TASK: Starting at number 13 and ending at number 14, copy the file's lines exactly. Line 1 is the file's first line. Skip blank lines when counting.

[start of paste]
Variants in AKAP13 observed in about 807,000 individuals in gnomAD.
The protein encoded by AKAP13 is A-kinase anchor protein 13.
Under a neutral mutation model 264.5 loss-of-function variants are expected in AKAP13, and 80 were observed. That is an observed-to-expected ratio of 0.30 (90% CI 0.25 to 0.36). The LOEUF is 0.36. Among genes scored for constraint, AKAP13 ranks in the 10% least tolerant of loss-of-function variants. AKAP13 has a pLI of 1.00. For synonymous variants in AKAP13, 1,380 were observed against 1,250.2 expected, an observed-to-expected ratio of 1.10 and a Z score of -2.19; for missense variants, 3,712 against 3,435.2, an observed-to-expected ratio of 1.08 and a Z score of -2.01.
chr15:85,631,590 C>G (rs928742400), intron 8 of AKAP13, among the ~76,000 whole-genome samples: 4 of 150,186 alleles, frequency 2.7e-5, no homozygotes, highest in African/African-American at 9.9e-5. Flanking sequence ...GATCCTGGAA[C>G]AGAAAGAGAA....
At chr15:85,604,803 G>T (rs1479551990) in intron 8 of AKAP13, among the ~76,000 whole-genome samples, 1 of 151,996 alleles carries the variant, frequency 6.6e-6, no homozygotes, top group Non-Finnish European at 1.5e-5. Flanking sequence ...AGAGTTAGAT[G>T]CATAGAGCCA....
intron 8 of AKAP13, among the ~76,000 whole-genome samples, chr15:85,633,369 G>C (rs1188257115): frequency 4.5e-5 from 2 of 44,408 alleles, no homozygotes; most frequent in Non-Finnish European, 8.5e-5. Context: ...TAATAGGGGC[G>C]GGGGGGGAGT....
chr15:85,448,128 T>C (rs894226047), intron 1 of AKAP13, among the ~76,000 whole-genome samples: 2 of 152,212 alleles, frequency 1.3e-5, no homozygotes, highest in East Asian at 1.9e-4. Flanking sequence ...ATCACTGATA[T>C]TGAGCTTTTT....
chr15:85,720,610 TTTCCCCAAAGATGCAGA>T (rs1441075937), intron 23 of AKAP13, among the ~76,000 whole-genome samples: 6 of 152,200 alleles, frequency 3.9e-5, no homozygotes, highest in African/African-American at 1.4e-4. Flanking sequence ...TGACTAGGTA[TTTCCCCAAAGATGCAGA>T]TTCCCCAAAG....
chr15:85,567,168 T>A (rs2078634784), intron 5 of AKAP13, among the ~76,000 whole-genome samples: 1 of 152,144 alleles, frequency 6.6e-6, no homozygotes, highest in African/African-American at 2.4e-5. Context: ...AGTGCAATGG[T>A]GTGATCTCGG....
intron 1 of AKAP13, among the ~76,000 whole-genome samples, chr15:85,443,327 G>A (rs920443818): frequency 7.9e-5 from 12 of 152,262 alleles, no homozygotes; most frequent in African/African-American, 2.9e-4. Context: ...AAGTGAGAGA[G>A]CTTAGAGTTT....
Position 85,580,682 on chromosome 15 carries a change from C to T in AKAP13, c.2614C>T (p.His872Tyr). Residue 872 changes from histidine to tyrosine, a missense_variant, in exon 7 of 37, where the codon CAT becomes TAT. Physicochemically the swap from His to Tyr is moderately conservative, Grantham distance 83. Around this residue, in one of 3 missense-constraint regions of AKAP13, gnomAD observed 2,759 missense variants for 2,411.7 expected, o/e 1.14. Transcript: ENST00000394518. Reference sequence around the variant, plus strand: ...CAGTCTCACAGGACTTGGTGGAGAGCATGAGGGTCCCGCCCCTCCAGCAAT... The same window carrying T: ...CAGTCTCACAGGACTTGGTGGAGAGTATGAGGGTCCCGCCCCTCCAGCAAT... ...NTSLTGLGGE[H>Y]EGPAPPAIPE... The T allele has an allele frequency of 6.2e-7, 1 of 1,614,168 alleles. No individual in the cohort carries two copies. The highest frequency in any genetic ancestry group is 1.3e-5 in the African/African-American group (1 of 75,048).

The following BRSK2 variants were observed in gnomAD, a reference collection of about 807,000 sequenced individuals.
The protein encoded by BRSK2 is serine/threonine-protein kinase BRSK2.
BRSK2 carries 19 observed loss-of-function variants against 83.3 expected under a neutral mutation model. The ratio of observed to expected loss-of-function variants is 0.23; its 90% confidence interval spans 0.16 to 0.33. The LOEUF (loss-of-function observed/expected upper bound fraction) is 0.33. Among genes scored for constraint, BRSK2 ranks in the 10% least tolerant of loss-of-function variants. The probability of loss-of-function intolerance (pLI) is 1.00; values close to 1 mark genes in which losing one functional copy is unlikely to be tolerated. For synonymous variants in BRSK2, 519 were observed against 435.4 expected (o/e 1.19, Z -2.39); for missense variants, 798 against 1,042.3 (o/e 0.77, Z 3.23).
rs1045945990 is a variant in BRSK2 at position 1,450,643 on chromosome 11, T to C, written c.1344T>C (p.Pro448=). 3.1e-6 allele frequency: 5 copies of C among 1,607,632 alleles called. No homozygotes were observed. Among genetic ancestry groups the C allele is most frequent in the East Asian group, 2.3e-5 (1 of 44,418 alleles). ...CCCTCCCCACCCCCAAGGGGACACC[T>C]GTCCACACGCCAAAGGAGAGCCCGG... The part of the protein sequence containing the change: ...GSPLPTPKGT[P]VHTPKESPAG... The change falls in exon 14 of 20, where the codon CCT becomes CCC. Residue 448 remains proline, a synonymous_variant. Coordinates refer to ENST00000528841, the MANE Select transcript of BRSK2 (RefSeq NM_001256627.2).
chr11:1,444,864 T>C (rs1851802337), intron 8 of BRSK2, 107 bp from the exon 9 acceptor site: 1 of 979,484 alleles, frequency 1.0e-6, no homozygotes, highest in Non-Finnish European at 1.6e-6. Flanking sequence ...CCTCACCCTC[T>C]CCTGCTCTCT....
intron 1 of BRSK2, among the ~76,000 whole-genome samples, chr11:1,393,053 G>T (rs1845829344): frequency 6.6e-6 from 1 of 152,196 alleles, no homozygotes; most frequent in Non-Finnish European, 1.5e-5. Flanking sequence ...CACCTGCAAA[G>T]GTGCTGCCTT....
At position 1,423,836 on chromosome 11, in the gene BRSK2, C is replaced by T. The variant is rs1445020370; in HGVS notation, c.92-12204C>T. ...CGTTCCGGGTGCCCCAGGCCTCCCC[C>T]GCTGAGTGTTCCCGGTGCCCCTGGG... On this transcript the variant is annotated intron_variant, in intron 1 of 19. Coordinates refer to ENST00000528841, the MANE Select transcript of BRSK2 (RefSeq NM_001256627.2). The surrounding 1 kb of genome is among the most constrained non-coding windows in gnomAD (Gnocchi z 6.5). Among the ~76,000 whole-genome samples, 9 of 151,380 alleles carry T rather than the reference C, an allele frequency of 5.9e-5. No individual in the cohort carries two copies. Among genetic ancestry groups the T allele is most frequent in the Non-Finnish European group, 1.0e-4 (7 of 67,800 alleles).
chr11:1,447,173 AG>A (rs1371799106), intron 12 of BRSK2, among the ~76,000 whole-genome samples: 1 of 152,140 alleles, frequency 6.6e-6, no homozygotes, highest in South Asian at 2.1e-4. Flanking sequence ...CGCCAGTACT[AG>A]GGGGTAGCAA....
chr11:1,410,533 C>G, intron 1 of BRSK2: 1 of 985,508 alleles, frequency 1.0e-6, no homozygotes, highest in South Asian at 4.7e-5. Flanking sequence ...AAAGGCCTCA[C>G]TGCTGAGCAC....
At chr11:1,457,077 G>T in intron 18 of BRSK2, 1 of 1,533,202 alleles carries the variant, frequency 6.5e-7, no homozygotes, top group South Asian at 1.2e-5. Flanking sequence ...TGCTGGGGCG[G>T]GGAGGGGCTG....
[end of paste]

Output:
The protein encoded by BRSK2 is serine/threonine-protein kinase BRSK2.
BRSK2 carries 19 observed loss-of-function variants against 83.3 expected under a neutral mutation model. The ratio of observed to expected loss-of-function variants is 0.23; its 90% confidence interval spans 0.16 to 0.33. The LOEUF (loss-of-function observed/expected upper bound fraction) is 0.33. Among genes scored for constraint, BRSK2 ranks in the 10% least tolerant of loss-of-function variants. The probability of loss-of-function intolerance (pLI) is 1.00; values close to 1 mark genes in which losing one functional copy is unlikely to be tolerated. For synonymous variants in BRSK2, 519 were observed against 435.4 expected (o/e 1.19, Z -2.39); for missense variants, 798 against 1,042.3 (o/e 0.77, Z 3.23).